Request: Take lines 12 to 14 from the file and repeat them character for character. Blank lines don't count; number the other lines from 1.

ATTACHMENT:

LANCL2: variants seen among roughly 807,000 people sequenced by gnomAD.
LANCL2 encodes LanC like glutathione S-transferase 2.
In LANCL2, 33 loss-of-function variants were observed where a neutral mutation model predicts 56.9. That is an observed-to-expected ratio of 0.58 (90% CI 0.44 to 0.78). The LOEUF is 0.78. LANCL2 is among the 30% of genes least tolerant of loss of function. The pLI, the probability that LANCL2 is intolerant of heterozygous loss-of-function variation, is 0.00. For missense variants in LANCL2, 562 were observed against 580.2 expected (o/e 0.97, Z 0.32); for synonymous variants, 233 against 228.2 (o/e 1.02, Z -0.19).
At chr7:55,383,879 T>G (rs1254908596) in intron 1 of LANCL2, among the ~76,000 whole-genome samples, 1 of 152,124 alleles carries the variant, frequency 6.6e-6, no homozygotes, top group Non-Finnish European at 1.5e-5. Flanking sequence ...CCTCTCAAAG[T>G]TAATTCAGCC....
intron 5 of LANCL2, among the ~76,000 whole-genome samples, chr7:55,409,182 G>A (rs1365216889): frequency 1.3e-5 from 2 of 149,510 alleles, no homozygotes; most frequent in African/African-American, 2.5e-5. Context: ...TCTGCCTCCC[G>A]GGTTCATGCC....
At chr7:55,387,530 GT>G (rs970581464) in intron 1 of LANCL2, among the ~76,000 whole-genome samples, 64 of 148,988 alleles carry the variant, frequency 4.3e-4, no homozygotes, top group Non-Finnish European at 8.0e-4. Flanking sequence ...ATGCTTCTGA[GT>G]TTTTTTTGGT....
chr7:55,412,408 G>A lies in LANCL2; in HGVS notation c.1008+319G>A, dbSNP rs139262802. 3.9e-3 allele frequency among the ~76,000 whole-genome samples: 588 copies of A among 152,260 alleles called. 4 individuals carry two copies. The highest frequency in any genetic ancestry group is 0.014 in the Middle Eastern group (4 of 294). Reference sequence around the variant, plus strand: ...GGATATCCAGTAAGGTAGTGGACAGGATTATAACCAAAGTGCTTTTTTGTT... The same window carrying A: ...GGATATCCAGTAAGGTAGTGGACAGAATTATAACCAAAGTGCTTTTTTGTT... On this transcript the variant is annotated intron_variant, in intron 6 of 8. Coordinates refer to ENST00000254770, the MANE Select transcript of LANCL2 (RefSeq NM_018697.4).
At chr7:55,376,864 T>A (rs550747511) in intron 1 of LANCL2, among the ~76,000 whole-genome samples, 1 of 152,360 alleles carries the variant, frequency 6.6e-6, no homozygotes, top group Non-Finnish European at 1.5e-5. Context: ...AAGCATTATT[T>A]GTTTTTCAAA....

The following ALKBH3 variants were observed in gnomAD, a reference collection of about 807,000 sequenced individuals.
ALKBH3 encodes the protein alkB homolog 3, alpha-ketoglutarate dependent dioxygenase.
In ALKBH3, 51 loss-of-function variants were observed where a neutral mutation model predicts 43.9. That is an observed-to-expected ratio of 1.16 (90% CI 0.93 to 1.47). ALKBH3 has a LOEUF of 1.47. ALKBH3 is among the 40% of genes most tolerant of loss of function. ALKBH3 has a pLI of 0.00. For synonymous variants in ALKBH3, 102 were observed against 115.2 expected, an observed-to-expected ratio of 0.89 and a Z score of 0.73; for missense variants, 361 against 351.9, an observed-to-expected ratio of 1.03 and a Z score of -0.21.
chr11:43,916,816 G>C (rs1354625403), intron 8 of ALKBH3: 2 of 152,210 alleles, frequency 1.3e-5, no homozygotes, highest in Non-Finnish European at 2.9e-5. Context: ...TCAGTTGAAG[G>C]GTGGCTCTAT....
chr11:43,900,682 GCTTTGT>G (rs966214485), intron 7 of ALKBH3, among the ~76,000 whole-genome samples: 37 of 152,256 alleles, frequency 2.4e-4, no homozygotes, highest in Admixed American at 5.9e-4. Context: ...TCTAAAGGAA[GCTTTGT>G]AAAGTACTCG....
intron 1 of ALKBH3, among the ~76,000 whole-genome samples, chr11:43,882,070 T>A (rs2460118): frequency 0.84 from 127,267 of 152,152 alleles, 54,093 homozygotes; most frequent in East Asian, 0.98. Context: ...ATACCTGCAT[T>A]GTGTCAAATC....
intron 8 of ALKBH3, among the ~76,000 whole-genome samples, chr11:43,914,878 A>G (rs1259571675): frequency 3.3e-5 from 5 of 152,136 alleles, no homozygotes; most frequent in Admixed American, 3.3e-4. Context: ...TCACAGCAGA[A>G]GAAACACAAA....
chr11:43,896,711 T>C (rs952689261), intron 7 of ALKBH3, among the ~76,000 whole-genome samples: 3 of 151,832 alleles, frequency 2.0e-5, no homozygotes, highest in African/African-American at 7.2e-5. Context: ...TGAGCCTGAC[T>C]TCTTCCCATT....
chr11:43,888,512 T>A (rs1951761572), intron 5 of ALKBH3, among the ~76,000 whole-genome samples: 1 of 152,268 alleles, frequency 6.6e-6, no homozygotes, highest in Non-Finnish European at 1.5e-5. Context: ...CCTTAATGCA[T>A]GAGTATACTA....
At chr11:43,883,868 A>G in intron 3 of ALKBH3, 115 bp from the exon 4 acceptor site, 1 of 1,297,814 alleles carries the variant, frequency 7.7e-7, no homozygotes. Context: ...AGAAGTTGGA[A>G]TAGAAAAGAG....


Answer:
chr11:43,916,816 G>C (rs1354625403), intron 8 of ALKBH3: 2 of 152,210 alleles, frequency 1.3e-5, no homozygotes, highest in Non-Finnish European at 2.9e-5. Context: ...TCAGTTGAAG[G>C]GTGGCTCTAT....
chr11:43,900,682 GCTTTGT>G (rs966214485), intron 7 of ALKBH3, among the ~76,000 whole-genome samples: 37 of 152,256 alleles, frequency 2.4e-4, no homozygotes, highest in Admixed American at 5.9e-4. Context: ...TCTAAAGGAA[GCTTTGT>G]AAAGTACTCG....
intron 1 of ALKBH3, among the ~76,000 whole-genome samples, chr11:43,882,070 T>A (rs2460118): frequency 0.84 from 127,267 of 152,152 alleles, 54,093 homozygotes; most frequent in East Asian, 0.98. Context: ...ATACCTGCAT[T>A]GTGTCAAATC....